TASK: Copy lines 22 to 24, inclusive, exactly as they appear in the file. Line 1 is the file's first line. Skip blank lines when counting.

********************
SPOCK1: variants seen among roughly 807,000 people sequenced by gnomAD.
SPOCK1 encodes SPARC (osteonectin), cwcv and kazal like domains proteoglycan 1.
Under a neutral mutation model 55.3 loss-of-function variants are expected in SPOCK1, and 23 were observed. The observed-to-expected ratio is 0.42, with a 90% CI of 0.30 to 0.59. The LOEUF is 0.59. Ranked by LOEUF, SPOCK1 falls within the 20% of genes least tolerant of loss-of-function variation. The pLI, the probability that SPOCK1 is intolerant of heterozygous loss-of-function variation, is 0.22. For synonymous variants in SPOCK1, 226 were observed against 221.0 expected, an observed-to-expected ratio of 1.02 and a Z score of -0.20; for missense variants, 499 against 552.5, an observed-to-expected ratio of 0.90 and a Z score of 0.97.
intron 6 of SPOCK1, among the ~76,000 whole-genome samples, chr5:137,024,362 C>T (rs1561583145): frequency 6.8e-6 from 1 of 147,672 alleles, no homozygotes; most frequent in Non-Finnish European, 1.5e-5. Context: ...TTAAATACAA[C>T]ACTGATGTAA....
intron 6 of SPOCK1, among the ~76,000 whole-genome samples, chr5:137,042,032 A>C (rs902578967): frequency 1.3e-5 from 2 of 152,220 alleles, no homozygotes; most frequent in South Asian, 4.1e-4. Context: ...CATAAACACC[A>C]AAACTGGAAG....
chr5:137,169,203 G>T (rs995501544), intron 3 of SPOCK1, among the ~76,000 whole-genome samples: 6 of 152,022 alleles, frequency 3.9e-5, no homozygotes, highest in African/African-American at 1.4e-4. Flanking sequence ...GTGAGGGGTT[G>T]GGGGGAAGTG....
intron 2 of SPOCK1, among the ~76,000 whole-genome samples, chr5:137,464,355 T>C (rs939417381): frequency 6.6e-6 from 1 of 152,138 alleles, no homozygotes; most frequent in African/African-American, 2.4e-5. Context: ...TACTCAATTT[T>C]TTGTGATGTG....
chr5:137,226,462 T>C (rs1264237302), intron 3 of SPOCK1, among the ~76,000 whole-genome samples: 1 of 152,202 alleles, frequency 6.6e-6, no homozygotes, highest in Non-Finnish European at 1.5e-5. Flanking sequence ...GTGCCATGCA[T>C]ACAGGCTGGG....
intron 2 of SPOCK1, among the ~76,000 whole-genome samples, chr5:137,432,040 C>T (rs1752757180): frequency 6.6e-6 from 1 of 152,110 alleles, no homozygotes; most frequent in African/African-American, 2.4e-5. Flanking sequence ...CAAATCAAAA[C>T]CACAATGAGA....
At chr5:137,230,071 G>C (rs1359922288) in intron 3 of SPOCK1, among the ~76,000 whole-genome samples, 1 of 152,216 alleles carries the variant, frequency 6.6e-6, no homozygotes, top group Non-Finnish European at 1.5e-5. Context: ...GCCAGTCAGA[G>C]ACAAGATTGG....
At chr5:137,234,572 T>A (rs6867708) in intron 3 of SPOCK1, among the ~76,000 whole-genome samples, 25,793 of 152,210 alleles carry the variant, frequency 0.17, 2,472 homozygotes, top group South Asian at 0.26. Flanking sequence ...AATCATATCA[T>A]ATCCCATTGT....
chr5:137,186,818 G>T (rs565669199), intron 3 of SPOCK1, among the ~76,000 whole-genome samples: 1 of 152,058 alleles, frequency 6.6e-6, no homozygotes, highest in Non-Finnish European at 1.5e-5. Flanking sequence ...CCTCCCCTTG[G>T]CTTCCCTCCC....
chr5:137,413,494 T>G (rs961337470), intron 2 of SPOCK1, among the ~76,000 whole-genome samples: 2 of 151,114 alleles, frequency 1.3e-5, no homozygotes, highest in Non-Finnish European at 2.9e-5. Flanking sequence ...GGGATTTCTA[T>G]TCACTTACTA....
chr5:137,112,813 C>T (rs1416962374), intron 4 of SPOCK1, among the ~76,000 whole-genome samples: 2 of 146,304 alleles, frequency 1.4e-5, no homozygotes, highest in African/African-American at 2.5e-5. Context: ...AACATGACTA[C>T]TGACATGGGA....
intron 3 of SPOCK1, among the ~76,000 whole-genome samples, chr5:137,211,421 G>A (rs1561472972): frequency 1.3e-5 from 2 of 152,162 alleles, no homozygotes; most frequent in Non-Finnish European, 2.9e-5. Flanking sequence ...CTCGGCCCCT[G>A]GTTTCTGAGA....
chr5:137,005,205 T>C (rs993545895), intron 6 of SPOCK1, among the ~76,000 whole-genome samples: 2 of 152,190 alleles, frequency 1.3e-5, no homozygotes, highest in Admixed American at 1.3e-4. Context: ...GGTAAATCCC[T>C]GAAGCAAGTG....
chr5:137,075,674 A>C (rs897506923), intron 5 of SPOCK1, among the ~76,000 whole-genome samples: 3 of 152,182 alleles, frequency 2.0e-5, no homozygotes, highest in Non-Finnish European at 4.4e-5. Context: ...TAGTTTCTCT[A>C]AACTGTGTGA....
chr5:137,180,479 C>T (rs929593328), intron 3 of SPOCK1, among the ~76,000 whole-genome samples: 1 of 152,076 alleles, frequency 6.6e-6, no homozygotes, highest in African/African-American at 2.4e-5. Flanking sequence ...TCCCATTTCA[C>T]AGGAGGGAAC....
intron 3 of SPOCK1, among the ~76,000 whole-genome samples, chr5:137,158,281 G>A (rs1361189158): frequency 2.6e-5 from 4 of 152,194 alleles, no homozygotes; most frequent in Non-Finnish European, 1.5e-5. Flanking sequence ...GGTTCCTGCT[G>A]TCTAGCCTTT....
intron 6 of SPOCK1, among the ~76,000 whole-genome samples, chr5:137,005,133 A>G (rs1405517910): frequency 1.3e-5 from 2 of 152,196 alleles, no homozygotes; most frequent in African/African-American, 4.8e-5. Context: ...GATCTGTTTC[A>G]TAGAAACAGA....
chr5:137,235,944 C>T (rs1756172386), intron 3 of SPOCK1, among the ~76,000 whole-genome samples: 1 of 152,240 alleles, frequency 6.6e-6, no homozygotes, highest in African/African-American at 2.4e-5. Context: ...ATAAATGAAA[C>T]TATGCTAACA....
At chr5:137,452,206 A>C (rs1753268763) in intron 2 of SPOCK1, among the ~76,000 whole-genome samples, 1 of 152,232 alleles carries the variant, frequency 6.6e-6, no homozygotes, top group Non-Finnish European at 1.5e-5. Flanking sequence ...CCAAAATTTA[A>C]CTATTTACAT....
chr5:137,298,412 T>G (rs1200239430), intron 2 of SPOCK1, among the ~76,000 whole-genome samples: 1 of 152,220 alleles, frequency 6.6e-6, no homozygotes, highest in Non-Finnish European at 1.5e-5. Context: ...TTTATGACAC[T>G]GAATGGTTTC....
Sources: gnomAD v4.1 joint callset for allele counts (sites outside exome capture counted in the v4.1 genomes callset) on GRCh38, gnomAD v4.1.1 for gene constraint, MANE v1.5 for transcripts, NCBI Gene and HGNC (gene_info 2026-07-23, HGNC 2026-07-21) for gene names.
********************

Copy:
At chr5:137,452,206 A>C (rs1753268763) in intron 2 of SPOCK1, among the ~76,000 whole-genome samples, 1 of 152,232 alleles carries the variant, frequency 6.6e-6, no homozygotes, top group Non-Finnish European at 1.5e-5. Flanking sequence ...CCAAAATTTA[A>C]CTATTTACAT....
chr5:137,298,412 T>G (rs1200239430), intron 2 of SPOCK1, among the ~76,000 whole-genome samples: 1 of 152,220 alleles, frequency 6.6e-6, no homozygotes, highest in Non-Finnish European at 1.5e-5. Context: ...TTTATGACAC[T>G]GAATGGTTTC....
Sources: gnomAD v4.1 joint callset for allele counts (sites outside exome capture counted in the v4.1 genomes callset) on GRCh38, gnomAD v4.1.1 for gene constraint, MANE v1.5 for transcripts, NCBI Gene and HGNC (gene_info 2026-07-23, HGNC 2026-07-21) for gene names.